One quiet evening a year after Sardriel had come, when
Tathea had glimpsed the patience in him and the swift,
secret moments of loneliness as well as the brilliance of
mind, she had shown the staff to him. He had taken it in
his hands, turning it over, marvelling at the workmanship
of it, and he had read the third inscription--"when the man
of truth hungers for a lie, and casts it to the deep."
He had said nothing. He was older than Sadokhar had been,
less impetuous, and she did not need to tell him that only
time and battle could teach him to understand it. Now that
battle was already darkening the horizon.
From that time onward he had returned to Tyrn Vawr every
few months, leaving the stewardship of the Lost Lands with
his cousin and ally.
A year after Sardriel had read the inscription, Ardesir had
come from Shinabar, and before that from the southern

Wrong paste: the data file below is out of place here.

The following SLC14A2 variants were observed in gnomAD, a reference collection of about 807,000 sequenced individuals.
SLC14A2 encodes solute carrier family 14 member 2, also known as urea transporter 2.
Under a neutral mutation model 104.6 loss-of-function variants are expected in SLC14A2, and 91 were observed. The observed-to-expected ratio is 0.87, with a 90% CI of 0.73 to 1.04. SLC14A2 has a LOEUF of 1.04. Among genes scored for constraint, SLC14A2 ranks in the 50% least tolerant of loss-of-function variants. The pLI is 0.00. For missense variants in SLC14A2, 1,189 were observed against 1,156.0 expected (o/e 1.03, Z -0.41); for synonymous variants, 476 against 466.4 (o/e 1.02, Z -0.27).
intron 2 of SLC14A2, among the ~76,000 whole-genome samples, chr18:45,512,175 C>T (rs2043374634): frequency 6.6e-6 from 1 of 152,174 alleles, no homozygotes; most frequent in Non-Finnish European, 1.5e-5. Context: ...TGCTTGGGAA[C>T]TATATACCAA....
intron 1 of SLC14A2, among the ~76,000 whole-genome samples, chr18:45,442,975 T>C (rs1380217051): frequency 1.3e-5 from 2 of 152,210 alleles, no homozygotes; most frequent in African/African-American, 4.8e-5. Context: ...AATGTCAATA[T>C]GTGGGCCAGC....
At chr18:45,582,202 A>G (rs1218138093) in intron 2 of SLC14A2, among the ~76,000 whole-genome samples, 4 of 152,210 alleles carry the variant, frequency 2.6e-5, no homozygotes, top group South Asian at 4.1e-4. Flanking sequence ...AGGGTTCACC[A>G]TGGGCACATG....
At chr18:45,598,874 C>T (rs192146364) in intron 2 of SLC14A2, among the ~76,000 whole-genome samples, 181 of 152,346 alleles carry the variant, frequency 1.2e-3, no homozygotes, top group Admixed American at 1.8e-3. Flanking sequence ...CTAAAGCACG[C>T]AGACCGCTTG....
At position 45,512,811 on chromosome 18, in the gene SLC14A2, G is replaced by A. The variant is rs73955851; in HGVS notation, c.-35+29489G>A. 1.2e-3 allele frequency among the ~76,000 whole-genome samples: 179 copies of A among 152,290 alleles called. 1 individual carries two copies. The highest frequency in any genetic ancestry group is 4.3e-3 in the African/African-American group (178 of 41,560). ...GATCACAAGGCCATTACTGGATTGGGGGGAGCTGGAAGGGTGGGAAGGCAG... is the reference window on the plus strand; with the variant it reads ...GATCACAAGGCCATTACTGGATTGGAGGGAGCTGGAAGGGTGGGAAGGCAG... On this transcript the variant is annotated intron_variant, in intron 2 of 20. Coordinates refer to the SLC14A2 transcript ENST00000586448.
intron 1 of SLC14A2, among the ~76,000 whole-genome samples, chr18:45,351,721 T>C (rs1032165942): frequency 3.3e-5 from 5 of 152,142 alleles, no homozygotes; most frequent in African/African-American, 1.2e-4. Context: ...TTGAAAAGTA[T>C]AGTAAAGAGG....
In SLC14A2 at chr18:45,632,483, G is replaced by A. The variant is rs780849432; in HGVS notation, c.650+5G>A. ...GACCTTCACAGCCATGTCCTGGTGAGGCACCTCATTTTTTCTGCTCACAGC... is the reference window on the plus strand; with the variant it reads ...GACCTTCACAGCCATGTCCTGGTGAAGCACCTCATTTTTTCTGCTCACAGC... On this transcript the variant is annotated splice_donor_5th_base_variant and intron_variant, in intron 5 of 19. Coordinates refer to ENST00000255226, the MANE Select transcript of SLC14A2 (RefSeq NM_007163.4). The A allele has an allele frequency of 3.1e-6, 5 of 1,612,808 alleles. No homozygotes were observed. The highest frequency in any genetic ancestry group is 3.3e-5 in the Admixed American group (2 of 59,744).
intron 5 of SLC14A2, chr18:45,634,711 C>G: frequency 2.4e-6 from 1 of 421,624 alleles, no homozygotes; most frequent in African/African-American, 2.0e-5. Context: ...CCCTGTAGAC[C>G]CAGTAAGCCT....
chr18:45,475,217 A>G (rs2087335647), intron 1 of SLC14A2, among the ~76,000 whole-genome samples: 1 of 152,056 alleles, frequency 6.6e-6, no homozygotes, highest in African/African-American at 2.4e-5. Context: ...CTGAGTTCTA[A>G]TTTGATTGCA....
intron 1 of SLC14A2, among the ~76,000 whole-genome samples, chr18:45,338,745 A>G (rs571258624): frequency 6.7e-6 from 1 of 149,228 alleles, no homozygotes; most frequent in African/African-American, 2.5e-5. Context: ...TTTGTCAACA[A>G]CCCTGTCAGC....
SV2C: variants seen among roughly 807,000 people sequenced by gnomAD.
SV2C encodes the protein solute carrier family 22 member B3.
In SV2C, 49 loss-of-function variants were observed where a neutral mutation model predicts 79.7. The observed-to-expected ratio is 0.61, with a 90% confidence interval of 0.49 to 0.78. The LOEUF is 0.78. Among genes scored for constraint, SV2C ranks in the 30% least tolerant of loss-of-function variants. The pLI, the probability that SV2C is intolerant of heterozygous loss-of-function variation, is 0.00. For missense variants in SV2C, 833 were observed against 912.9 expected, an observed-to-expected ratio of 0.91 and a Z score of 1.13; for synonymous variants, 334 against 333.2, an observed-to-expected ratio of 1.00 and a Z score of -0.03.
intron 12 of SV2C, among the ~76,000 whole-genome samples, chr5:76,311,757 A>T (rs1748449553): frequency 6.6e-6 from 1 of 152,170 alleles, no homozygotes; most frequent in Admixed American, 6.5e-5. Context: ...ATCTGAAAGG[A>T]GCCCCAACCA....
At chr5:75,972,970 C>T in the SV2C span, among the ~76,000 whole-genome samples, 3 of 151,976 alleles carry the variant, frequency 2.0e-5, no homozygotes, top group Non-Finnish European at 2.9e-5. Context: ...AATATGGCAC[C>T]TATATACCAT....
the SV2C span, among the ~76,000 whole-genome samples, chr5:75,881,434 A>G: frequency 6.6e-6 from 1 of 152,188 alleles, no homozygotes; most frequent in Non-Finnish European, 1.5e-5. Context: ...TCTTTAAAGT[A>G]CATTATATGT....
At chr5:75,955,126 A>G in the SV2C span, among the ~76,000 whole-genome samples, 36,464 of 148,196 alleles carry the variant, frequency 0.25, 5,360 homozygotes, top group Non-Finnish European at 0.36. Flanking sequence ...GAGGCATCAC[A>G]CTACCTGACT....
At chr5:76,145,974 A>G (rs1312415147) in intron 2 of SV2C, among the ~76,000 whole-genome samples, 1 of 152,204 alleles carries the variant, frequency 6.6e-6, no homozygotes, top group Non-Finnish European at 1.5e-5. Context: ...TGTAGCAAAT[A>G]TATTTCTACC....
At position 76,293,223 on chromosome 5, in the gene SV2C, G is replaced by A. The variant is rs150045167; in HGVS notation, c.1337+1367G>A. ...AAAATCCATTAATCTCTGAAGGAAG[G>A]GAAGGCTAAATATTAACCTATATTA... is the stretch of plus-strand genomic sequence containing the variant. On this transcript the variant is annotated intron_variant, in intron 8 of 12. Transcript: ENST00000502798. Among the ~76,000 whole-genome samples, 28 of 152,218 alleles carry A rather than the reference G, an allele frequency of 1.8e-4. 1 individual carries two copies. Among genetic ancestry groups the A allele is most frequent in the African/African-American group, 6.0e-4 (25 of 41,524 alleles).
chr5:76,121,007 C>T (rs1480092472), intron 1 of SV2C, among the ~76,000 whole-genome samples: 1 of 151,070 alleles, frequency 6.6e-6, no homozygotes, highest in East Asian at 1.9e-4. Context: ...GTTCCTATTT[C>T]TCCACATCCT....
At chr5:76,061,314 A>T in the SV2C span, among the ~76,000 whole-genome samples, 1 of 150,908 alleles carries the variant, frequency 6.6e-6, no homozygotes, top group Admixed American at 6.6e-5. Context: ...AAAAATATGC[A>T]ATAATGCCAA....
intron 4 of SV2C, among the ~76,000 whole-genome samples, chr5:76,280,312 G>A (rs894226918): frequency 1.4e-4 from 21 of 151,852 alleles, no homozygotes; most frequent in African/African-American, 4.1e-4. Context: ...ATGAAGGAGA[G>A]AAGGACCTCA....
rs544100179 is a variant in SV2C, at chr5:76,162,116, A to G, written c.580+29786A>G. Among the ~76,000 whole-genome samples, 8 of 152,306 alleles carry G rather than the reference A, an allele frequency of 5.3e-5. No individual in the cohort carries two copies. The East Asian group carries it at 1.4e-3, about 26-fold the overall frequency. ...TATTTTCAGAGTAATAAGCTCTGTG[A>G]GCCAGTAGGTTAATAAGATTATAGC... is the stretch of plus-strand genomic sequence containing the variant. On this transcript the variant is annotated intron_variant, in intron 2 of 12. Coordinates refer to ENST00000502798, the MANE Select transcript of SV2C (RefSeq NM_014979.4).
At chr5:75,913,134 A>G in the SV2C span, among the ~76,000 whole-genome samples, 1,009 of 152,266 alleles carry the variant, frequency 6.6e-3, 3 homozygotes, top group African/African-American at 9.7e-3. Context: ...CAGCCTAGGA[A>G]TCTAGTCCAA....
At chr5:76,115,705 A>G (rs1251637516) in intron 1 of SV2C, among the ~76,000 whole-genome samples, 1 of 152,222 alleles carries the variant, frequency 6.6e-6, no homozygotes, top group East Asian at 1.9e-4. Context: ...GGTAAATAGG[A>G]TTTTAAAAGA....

deserts of Pera. When Sadokhar, in his wilder youth, had
for a space rejected the high calling he felt Tathea had
placed upon him, they had quarrelled, and she had left him
on the Eastern Shore with his mother's people. She had gone
back to the centre of the world alone, and then on to
Shinabar. It was then she had met the younger Ardesir,
still afire with ideas, a man of laughter and imagination,
an architect who held visions of building palaces, arches
and towers of the mind as well as of stone. He sought in
the perfection of form and purpose a meaning that could be
held in a single grasp. They had been friends, savouring
together the subtlety and laughter of Shinabari art, the
long desert evenings, the smell of the night wind off the
endless sands, sweet wine and bitter herbs, the intricacy
of the old ways.
Then she had returned to the Island, knowing that she must
try again with Sadokhar. The lesser part would never be
enough for the hunger in his soul, no matter how it
glittered before him now.
He had stood before her a little abashed, uncertain how to
acknowledge the change in himself, and yet his eyes were
shining with joy to see her. He had asked softly for
another chance, but she knew that he would have wrested it
from her had she not given it willingly. They knew each
other so well!
Then years later, when the Island was at peace and its fame